THE CORRELATIVITY OF RIGHTS AND DUTIES
Do rights, indeed, always correlate with duties as many a
theorist on rights suggests? Some of those who hold that they
do, have used this correlativity to identify rights: they are
mere correlatives of duties. Others have qualified that view
while accepting the correlativity itself. They have defined a
right as the correlative of a relative duty ('relative' in
that it is the duty to one or more persons other than oneself or
the state); or as the correlative of a conditional duty
('conditional' in that the possessor of the right may choose not
to exercise it.)
If rights and duties are connected to each other in a two-place relation,
or in a three-place relation between different people, then one of these
two categories could perhaps be eliminated.
It has thus been argued that right is redundant,
for right is ambiguous, whereas duty is not. Right
may denote both 'the right against another' and 'the right to
perform an action', and this would make it necessary to refer to
the corresponding duties anyhow: the duty to perform an act for
someone else's benefit and the duty not to interfere with
someone else, respectively. Duty and penalty have also
been identified as the only expressions required for a rational,
Opponents of the doctrine of correlativity (and of the
redundancy theory of right) have argued that there is no
universal correlativity. This may be 'proved' by calling attention
to 'duties' for which there would be no correlative rights,
like 'duties of status', 'of obedience' and 'of compelling
appropriateness' (with such specimens as 'duties of perfection'
and 'duties of love').
The discovery of such noncorrelative 'duties' is largely due to an ethical
intuitionism or impressionism in which every alleged right and every
alleged duty of every customary morality —bourgeois, proletarian or
whatever— is put on the list of 'genuine' possibilities.
In trying to dismantle the correlativity of rights and duties some
'active rights' (rights to do something) have also been listed as rights
which would not fit the pattern of correlativity. As an example
of an ordinary 'active right' which would not directly imply any
specific obligation not to interfere, the right 'to make a right
turn on a red light in countries where traffic keeps to the
right' has been mentioned (even
tho, or if, it is
required when traffic allows). On this view an 'active right' need not be
discretionary; as a matter of fact all choice may be ruled out.
In a more fruitful attack on the correlativity doctrine it
has been argued that people usually read too much into that
doctrine. From their correlativity it does not follow that
statements about rights justify or explain statements about
duties or obligations; only statements about 'exercisable'
rights do so. Exercisable rights are on this account the only
genuine ones, and having such a right implies that one has or
should have a certain freedom of action, while others are
obligated not to interfere with its exercise. On the other hand,
'nonexercisable' rights would not be distinct from the duty
with which they correlate. The right to turn right on a red
light would be exercisable if one were allowed to wait before
the light even if no traffic were approaching from the left
or ahead, while someone else would be waiting behind the 'right-holder'.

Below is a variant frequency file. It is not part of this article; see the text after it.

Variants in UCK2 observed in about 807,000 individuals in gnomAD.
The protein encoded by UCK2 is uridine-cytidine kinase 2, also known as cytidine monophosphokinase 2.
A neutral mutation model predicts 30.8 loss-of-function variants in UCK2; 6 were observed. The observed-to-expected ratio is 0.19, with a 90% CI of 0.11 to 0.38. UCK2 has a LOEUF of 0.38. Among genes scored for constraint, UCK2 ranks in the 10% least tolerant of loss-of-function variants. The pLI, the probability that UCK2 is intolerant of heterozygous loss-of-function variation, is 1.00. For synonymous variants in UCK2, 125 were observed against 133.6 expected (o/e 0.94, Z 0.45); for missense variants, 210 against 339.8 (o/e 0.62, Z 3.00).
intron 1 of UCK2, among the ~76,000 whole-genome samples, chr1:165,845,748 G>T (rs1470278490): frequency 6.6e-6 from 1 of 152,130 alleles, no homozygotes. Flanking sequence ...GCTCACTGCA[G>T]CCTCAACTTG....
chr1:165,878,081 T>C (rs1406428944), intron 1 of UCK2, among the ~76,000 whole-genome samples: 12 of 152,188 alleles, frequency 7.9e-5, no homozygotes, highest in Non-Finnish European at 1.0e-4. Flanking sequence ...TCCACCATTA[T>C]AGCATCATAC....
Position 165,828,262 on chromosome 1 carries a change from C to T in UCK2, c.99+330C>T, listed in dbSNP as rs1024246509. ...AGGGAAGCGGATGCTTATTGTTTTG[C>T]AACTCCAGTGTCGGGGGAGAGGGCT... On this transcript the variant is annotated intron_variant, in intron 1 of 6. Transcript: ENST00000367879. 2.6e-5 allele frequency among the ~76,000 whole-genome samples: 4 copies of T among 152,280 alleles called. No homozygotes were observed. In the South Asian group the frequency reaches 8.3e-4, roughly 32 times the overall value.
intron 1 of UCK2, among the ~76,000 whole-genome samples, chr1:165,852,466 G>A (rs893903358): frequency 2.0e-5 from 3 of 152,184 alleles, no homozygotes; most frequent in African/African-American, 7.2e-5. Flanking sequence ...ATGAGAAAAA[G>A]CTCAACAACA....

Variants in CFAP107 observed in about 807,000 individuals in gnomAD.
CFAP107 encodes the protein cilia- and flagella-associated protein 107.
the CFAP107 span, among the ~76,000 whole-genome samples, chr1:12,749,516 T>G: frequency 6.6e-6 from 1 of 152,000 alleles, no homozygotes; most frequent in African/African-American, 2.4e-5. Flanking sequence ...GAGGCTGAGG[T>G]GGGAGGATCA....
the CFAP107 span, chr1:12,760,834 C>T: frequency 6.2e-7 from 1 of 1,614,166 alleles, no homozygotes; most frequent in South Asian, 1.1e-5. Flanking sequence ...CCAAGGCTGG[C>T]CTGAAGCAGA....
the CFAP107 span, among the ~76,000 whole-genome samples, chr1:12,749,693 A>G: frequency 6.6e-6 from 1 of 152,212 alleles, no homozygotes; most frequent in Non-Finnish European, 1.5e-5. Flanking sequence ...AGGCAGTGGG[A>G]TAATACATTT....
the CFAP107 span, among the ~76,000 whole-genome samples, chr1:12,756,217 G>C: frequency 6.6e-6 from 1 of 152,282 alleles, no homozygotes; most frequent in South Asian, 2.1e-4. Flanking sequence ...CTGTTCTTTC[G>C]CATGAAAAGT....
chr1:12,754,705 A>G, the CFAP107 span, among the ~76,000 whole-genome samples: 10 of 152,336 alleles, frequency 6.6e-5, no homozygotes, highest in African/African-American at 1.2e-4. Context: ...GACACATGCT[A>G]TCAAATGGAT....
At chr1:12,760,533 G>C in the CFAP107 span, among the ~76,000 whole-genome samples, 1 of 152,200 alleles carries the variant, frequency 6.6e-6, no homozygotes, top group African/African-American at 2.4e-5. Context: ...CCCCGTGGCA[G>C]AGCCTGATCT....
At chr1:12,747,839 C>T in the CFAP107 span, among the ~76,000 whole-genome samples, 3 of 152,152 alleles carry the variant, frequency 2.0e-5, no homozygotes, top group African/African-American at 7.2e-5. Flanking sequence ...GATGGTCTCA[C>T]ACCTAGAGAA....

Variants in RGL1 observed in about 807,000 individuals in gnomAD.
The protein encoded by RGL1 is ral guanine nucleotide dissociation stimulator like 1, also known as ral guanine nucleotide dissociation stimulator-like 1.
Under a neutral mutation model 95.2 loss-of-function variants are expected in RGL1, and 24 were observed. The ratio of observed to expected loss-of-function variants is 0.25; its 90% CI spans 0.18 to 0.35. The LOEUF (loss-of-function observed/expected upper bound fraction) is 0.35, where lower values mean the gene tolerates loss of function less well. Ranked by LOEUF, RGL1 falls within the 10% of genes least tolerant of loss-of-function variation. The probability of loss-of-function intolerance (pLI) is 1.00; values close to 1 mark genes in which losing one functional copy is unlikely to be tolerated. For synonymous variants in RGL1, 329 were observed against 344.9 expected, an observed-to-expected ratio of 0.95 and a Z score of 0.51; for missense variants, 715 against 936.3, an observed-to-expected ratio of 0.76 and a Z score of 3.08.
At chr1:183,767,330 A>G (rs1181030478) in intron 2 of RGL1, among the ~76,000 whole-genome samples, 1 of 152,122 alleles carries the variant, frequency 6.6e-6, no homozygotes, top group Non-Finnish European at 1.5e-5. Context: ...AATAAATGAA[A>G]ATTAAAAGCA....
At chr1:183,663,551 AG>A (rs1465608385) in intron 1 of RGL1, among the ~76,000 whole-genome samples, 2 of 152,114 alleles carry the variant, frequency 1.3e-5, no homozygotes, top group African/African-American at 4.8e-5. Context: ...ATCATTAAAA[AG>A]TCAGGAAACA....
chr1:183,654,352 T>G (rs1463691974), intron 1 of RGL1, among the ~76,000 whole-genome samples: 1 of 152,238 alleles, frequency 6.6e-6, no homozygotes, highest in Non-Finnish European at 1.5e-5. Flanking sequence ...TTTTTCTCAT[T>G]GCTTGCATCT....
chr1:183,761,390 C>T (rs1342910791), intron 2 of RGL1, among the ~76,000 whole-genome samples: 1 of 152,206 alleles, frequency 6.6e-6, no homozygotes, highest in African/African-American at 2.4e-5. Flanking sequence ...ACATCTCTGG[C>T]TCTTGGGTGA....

Only then would it correspond to a duty by others
not to interfere. However, if one has the right 'to turn on a red
light if traffic allows' and if one must turn on a red light
if traffic allows (and there is someone impatiently waiting
behind the 'right-holder'), then the right is nonexercisable and
does not contain an element of full freedom.
this chapter with distinguishing a right from what is
the right thing to do.
Now, what is morally right to do presupposes that people have the (moral)
freedom to do the (morally) right thing, and implies that people can claim
to do it on the basis of the particular morality in question.
It is this what causes many theorists on rights to confuse an
'extrinsic' right (one extrinsic to the ideas on the basis of which
acts of the type concerned are called "right") and an 'intrinsic'
right in the sense of a right to something that is the right thing to
do according to the system under consideration (like turning to the right
if this makes traffic run more smoothly).
Parallel to this distinction we will have to differentiate 'extrinsic'
duties or obligations and the 'intrinsic' duties which follow
from what is the right thing to do (as in the utilitarian justification of
The former ones are, then, the correlatives of extrinsic rights and are
duties which one can even have if their performance is contrary to, for
example, collective goals.
(The duty not to injure someone else and the duty not to interfere
with someone else's expression of free speech are good examples.)
The latter ones are the correlatives of intrinsic rights, but they do not
derive from them: they rest on (first-order)
doctrinal principles, or are generated by
a specific system of values and/or norms.
A duty 'of perfection' is
teleologically a pleonasm, a duty 'of
love' is, taken at face value, a psychological or physiological absurdity
to be compared to a duty 'not to be hungry' or 'to be talented'.
Duties like those of 'status' or 'obedience' may be justifiable in a
particular normative theory on the basis of the utility or other merits
of a system in which someone has this status or can demand this obedience,
one can only conceive of such duties if the acts in question are right or
if the system is good on the basis of that very utility or those other
merits of the total system.
They are therefore intrinsic duties which do appear to correlate with